Abstract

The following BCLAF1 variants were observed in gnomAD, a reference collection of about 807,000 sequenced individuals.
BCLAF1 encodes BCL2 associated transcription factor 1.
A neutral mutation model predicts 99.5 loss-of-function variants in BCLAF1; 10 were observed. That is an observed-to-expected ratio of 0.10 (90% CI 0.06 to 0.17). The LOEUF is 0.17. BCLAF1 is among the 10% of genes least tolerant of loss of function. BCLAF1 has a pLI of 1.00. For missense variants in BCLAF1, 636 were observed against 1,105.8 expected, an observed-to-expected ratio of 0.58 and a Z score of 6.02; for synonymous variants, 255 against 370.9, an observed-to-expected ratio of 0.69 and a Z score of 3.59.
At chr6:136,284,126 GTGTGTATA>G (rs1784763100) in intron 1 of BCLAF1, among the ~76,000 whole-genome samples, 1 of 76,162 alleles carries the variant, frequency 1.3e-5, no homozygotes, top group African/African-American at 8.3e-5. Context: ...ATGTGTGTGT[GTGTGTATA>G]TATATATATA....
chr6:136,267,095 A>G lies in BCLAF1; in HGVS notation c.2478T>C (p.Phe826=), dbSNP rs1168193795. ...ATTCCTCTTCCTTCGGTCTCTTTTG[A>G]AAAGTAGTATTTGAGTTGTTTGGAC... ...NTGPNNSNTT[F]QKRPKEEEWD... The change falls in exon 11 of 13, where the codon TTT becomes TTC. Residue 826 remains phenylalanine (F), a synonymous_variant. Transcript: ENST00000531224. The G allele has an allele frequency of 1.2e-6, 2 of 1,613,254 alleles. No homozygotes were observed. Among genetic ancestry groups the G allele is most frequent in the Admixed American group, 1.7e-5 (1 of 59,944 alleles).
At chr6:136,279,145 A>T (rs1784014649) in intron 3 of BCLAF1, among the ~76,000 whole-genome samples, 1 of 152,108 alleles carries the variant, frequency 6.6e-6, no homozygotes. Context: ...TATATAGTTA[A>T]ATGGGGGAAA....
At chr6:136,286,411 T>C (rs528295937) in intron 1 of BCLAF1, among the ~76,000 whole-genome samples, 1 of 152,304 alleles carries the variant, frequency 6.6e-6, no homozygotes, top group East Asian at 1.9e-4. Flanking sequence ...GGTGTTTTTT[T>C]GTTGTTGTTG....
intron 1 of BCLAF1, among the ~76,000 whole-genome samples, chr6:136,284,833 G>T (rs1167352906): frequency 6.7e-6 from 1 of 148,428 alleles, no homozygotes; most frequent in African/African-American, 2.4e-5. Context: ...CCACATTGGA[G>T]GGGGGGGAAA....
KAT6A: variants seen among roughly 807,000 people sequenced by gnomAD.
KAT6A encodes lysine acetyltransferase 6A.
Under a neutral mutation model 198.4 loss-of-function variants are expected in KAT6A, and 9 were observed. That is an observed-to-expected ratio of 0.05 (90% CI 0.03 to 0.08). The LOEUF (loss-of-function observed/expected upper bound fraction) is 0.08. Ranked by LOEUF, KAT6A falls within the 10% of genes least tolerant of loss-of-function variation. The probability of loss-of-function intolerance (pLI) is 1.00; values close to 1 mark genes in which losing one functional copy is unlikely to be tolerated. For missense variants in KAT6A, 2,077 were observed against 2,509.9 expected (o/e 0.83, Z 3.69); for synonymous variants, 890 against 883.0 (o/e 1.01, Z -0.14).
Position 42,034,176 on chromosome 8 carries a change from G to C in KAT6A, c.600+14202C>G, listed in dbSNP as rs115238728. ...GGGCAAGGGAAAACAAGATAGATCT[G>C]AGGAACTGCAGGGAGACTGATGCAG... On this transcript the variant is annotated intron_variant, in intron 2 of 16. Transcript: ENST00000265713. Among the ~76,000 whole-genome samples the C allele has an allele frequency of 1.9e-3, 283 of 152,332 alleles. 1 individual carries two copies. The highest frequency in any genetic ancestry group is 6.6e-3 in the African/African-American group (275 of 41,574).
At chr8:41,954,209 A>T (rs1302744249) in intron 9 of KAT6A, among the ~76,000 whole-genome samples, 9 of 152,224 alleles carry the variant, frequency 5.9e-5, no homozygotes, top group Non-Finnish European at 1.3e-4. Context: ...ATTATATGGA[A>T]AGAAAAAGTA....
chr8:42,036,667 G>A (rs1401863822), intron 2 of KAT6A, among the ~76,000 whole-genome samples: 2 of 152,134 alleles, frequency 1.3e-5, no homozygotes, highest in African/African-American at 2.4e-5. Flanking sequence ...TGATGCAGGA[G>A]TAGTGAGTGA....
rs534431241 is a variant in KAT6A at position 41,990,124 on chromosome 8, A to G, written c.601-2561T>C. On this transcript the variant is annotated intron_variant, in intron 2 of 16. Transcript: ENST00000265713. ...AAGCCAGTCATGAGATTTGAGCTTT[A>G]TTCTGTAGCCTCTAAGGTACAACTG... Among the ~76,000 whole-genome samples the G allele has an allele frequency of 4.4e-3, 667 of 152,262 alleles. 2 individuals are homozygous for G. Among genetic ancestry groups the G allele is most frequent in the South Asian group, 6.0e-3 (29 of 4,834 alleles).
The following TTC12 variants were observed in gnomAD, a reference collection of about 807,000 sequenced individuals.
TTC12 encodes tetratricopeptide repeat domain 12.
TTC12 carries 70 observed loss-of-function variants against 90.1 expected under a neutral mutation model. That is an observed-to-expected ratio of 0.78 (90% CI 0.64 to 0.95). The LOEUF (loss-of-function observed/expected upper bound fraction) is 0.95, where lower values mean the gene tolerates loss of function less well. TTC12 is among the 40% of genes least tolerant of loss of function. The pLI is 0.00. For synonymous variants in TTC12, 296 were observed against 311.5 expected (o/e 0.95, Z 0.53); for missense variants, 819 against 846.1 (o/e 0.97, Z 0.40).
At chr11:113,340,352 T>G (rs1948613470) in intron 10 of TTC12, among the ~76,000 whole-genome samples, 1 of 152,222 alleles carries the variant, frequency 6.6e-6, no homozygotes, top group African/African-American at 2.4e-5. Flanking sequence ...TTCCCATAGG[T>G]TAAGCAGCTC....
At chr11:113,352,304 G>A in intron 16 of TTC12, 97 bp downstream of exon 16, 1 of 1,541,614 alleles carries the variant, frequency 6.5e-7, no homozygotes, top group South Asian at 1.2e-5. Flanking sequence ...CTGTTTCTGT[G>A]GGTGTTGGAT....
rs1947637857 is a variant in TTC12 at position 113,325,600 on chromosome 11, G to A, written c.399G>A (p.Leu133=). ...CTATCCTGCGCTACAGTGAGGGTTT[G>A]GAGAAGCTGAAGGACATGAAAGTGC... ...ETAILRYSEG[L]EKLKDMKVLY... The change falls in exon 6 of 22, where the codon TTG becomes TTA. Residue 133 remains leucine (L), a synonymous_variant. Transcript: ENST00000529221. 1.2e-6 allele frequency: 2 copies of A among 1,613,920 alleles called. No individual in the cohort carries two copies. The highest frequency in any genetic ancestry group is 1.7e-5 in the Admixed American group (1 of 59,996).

The relationship between in-situ stress and fluid flow in fractured and faulted rock is examined by using data from detailed analyses of stress orientation and magnitude, fracture geometry, and precision temperature logs that indicate localized fluid flow. Data obtained from three boreholes that penetrate highly fractured and faulted crystalline rocks indicate that potentially active faults appear to be the most important hydraulic conduits in situ. The data indicate that the permeability of critically stressed faults is much higher than that of faults that are not optimally oriented for failure in the current stress field.

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